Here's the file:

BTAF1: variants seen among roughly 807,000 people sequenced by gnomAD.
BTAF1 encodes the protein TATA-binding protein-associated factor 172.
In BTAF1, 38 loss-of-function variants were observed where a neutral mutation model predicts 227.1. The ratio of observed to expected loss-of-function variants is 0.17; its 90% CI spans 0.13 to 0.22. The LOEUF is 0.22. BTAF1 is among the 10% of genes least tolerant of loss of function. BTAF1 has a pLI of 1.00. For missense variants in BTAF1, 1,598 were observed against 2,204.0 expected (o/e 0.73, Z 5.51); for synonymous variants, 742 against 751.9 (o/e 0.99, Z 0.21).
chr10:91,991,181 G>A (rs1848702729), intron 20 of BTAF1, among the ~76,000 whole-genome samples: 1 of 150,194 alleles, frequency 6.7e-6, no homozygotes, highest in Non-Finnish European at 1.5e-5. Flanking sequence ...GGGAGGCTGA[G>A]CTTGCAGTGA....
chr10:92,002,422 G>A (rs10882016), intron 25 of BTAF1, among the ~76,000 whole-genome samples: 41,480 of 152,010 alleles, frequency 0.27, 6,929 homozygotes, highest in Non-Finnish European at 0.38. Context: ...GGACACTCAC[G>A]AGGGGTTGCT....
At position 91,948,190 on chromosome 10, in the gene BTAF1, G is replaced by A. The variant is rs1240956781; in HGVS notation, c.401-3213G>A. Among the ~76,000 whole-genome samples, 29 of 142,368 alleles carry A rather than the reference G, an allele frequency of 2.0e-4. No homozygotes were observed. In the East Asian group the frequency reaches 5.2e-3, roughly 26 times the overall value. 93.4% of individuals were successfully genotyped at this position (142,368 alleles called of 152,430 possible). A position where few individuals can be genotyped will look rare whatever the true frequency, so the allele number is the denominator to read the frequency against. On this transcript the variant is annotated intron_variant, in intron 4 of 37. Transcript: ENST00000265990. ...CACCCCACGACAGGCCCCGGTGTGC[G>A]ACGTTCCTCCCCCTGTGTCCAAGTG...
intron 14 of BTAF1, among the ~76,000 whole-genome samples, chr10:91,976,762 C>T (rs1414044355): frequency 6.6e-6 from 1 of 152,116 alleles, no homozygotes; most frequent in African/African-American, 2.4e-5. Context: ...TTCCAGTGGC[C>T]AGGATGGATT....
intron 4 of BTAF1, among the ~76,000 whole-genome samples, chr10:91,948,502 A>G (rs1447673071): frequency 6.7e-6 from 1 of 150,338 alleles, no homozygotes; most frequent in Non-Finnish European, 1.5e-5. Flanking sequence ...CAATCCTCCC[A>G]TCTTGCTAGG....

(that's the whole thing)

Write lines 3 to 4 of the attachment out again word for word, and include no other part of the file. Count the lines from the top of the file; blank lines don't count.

In BTAF1, 38 loss-of-function variants were observed where a neutral mutation model predicts 227.1. The ratio of observed to expected loss-of-function variants is 0.17; its 90% CI spans 0.13 to 0.22. The LOEUF is 0.22. BTAF1 is among the 10% of genes least tolerant of loss of function. BTAF1 has a pLI of 1.00. For missense variants in BTAF1, 1,598 were observed against 2,204.0 expected (o/e 0.73, Z 5.51); for synonymous variants, 742 against 751.9 (o/e 0.99, Z 0.21).
chr10:91,991,181 G>A (rs1848702729), intron 20 of BTAF1, among the ~76,000 whole-genome samples: 1 of 150,194 alleles, frequency 6.7e-6, no homozygotes, highest in Non-Finnish European at 1.5e-5. Flanking sequence ...GGGAGGCTGA[G>A]CTTGCAGTGA....